Shares in Corporate Travel Management Ltd (ASX: CTD) got off to a strong start today, rising 6% after the company delivered a strong full-year report. Shareholders are no doubt looking forward to the forecast 23% to 30% rise in Earnings Before Interest, Tax, Depreciation and Amortisation (EBITDA) in 2017.
Here’s what you need to know:
- Total Transaction Value (TTV)* rose 35% to $3,587 million
- Revenues rose 34% to $265 million
- Net Profit After Tax (NPAT) rose 60% to $42 million
- Underlying NPAT rose 58% to $49 million, after excluding amortisation costs relating to an acquisition
- Earnings Per Share rose 54% to 43 cents per share
- Dividends per share rose 50% to 24 cents per share
- Outlook for continued growth across all segments in 2017, driven by contributions of recent acquisitions plus new contract wins
- Guidance for 23% to 30% increase in Underlying EBITDA in 2017 compared to 2016’s result
*TTV is the value of the travel services the company sold. Revenue is the amount of money the company generated for itself by selling said services.
A strong result from Corporate Travel, more so when one considers that 80% of its growth this year (according to management) was ‘organic’, resulting from new client wins rather than acquisitions. The company managed to grow both market share and EBIT margins, suggesting that its increasing scale is both winning it new clients and making it more profitable.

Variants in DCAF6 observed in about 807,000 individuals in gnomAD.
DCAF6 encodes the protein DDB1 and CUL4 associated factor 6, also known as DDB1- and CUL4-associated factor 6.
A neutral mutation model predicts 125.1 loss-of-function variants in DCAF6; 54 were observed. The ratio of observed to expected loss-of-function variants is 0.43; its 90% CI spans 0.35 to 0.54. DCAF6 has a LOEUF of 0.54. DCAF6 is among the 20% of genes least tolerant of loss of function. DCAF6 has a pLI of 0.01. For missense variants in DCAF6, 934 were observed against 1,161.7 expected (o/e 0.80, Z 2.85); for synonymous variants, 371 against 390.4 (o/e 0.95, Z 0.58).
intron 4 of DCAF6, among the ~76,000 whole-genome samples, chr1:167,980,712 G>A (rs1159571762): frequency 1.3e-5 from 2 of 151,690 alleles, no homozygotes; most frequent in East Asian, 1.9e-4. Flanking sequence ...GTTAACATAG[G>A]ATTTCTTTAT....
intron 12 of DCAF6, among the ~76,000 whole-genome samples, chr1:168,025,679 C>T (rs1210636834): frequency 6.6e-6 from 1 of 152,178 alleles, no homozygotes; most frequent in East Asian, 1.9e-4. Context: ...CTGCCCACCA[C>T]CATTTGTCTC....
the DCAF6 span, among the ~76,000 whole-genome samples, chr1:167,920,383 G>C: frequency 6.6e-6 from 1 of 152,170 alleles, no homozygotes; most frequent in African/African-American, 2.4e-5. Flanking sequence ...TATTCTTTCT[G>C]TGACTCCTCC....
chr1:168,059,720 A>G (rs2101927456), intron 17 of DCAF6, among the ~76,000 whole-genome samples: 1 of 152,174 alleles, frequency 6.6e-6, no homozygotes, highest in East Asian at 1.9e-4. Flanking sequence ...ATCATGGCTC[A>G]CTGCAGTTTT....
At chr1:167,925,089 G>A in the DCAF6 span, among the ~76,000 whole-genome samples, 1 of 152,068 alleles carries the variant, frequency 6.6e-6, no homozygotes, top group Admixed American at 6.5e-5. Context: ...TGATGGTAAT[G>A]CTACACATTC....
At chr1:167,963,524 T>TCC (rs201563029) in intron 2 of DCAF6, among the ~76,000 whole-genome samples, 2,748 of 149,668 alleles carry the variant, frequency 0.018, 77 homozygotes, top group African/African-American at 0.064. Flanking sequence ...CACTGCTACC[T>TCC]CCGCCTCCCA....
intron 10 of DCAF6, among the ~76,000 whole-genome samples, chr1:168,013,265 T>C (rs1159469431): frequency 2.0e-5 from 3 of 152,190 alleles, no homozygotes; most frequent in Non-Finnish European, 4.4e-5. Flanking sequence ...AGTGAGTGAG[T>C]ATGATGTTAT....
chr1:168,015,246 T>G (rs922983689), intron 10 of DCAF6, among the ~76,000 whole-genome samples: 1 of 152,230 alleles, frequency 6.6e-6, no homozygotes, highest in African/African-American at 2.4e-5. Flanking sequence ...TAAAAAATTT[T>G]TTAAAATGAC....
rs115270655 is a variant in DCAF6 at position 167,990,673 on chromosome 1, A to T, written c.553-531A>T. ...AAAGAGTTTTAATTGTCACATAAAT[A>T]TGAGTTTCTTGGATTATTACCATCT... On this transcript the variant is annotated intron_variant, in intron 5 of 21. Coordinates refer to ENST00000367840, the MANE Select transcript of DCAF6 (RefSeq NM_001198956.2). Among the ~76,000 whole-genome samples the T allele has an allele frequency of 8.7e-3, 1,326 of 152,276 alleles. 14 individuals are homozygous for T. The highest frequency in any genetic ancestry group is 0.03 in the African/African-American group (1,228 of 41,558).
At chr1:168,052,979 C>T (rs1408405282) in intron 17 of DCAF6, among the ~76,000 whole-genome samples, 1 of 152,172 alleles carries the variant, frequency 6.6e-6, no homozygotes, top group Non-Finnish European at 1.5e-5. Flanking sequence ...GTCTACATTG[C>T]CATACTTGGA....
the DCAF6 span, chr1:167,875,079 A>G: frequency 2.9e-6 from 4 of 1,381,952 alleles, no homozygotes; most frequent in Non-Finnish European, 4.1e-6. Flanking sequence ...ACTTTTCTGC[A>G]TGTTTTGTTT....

Looking at the company’s cash flow statement, I noticed that ‘payments to suppliers and employees’ cash expenses grew just 4%, even though cash receipts from customers leapt 28%. There are a number of things that can affect the relationship between the two expenses, but this backs up management’s assertion that Corporate Travel is scaling up nicely.
The effects weren’t as profound when I looked at the comprehensive income statement, yet employee expenses (by far the biggest cost) did fall to 56.3% of revenue, from 57.4% previously. Combined with limited amounts of debt and a long growth runway, this is a big tick for Corporate Travel.
Using today’s underlying (Corporate Travel calls them ‘Adjusted’) profit results, the company is trading on a Price to Earnings (P/E) ratio of 35 times its full year earnings. This is nearly twice that of the broader ASX and, in order to justify the purchase price, investors must consider where growth is coming from.
Asian growth is expected to be limited this year after a strong year last year, so the US and Australian markets are in focus. Both Australian and US segments are approximately the same size in terms of revenue, although Australia is significantly more profitable. Each is expected to drive growth forward thanks to new client wins in both markets. The total market size is much greater in the US however, and with Corporate Travel just getting started there, investors should expect the US to become increasingly important over time.
Well, is it a buy?
With a growing presence in a number of key growth regions – each significantly larger than Australia – Corporate Travel has a long runway ahead of it. Today’s prices reflect that, but with scale advantages starting to build plus the rollout of new technology, Corporate Travel could be an attractive long-term buy today.
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Motley Fool contributor Sean O'Neill has no position in any stocks mentioned. The Motley Fool Australia has no position in any of the stocks mentioned. We Fools may not all hold the same opinions, but we all believe that considering a diverse range of insights makes us better investors. The Motley Fool has a disclosure policy. This article contains general investment advice only (under AFSL 400691). Authorised by Bruce Jackson.
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